It's true that they didn't work much, not by American standards anyway. In the U.S., full-time salaried workers supposedly laboring 40 hours a week actually average 49, with almost 20% clocking more than 60. These people, on the other hand, worked only about 37 hours a week, when they weren't away on long paid vacations. At the end of the work day, about four in the afternoon (perhaps three in the summer), they had time to enjoy a hike in the forest or a swim with the kids or a beer with friends -- which helps explain why, unlike so many Americans, they are pleased with their jobs.
Often I was invited to go along. I found it refreshing to hike and ski in a country with no land mines, and to hang out in cafes unlikely to be bombed. Gradually, I lost my warzone jitters and settled into the slow, calm, pleasantly uneventful stream of life there.
Four years on, thinking I should settle down, I returned to the United States. It felt quite a lot like stepping back into that other violent, impoverished world, where anxiety runs high and people are quarrelsome. I had, in fact, come back to the flip side of Afghanistan and Iraq: to what America's wars have done to America. Where I live now, in the Homeland, there are not enough shelters for the homeless. Most people are either overworked or hurting for jobs; housing is overpriced; hospitals, crowded and understaffed; schools, largely segregated and not so good. Opioid or heroin overdose is a popular form of death; and men in the street threaten women wearing hijab. Did the American soldiers I covered in Afghanistan know they were fighting for this?
Ducking the Subject
One night I tuned in to the Democrats' presidential debate to see if they had any plans to restore the America I used to know. To my amazement, I heard the name of my peaceful mountain hideaway: Norway. Bernie Sanders was denouncing America's crooked version of "casino capitalism" that floats the already rich ever higher and flushes the working class. He said that we ought to "look to countries like Denmark, like Sweden and Norway, and learn from what they have accomplished for their working people."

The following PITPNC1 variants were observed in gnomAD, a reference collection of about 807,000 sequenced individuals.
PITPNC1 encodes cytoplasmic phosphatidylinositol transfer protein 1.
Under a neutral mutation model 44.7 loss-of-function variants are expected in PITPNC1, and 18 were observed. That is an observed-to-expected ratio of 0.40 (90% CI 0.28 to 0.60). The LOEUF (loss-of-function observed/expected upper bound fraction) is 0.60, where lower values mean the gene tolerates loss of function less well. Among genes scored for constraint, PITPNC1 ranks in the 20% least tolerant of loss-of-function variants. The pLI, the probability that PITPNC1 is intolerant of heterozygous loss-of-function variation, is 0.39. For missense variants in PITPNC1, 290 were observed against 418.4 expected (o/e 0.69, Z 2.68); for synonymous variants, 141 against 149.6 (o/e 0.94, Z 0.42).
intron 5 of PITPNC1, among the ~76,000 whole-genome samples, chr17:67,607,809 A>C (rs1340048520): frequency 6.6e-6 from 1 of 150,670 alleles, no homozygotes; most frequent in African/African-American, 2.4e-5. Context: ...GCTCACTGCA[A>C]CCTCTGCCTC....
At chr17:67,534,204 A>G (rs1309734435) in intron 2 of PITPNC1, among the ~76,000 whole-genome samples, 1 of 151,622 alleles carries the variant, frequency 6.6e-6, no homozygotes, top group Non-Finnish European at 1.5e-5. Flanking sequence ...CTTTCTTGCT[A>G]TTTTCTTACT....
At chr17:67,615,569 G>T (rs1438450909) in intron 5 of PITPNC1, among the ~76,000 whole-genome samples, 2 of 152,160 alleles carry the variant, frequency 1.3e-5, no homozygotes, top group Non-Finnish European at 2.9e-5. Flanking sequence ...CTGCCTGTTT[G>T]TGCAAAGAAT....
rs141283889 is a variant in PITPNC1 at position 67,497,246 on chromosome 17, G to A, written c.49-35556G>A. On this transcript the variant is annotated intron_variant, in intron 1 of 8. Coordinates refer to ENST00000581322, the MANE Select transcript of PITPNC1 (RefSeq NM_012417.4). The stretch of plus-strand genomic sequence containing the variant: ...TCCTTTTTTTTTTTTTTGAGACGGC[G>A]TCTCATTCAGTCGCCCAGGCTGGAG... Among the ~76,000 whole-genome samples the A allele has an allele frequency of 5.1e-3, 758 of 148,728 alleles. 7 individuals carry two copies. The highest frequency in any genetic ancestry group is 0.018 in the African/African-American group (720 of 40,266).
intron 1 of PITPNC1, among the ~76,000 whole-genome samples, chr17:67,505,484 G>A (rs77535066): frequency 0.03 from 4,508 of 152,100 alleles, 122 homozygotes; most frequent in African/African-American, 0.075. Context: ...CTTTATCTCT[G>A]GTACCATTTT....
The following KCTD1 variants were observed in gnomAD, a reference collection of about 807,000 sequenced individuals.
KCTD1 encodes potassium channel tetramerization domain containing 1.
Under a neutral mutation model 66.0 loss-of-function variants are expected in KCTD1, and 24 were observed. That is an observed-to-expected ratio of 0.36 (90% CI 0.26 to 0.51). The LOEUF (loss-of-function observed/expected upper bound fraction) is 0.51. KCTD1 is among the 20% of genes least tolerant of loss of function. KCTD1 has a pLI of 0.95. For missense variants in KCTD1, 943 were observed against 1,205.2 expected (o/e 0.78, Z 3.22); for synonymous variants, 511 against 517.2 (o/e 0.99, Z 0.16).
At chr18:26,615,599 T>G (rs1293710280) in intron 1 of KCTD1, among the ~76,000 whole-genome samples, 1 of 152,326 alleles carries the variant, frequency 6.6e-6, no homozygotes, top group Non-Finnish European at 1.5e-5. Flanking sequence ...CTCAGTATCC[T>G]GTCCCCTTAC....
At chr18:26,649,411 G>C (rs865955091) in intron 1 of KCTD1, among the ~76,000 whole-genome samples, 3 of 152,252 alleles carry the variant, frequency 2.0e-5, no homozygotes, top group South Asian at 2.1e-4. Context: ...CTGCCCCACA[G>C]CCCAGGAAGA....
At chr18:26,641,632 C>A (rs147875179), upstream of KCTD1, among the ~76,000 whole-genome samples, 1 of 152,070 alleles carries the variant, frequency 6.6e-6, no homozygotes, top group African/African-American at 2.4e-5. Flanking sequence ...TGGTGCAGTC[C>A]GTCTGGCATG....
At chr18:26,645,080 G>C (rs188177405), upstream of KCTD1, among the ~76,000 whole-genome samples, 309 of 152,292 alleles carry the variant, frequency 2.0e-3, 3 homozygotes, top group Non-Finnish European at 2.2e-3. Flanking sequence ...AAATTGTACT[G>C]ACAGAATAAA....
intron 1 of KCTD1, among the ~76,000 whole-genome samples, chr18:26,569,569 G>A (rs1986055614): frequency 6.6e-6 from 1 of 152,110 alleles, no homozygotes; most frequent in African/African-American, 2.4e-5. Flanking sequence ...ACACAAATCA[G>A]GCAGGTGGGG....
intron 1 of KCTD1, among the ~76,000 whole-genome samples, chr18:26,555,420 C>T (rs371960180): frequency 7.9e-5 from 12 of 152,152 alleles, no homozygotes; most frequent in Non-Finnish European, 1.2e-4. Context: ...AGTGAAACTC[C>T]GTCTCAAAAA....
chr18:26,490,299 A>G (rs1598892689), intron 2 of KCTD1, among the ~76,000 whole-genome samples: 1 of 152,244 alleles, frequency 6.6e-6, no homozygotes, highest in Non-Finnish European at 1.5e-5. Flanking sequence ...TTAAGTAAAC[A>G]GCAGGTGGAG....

He believes, he added, in "a society where all people do well. Not just a handful of billionaires." That certainly sounds like Norway. For ages they've worked at producing things for the use of everyone -- not the profit of a few -- so I was all ears, waiting for Sanders to spell it out for Americans.
But Hillary Clinton quickly countered, "We are not Denmark." Smiling, she said, "I love Denmark," and then delivered a patriotic punch line: "We are the United States of America." Well, there's no denying that. She praised capitalism and "all the small businesses that were started because we have the opportunity and the freedom in our country for people to do that and to make a good living for themselves and their families." She didn't seem to know that Danes, Swedes, and Norwegians do that, too, and with much higher rates of success.
The truth is that almost a quarter of American startups are not founded on brilliant new ideas, but on the desperation of men or women who can't get a decent job. The majority of all American enterprises are solo ventures having zero payrolls, employing no one but the entrepreneur, and often quickly wasting away. Sanders said that he was all for small business, too, but that meant nothing "if all of the new income and wealth is going to the top 1 percent." (As George Carlin said, "The reason they call it the American Dream is because you have to be asleep to believe it.")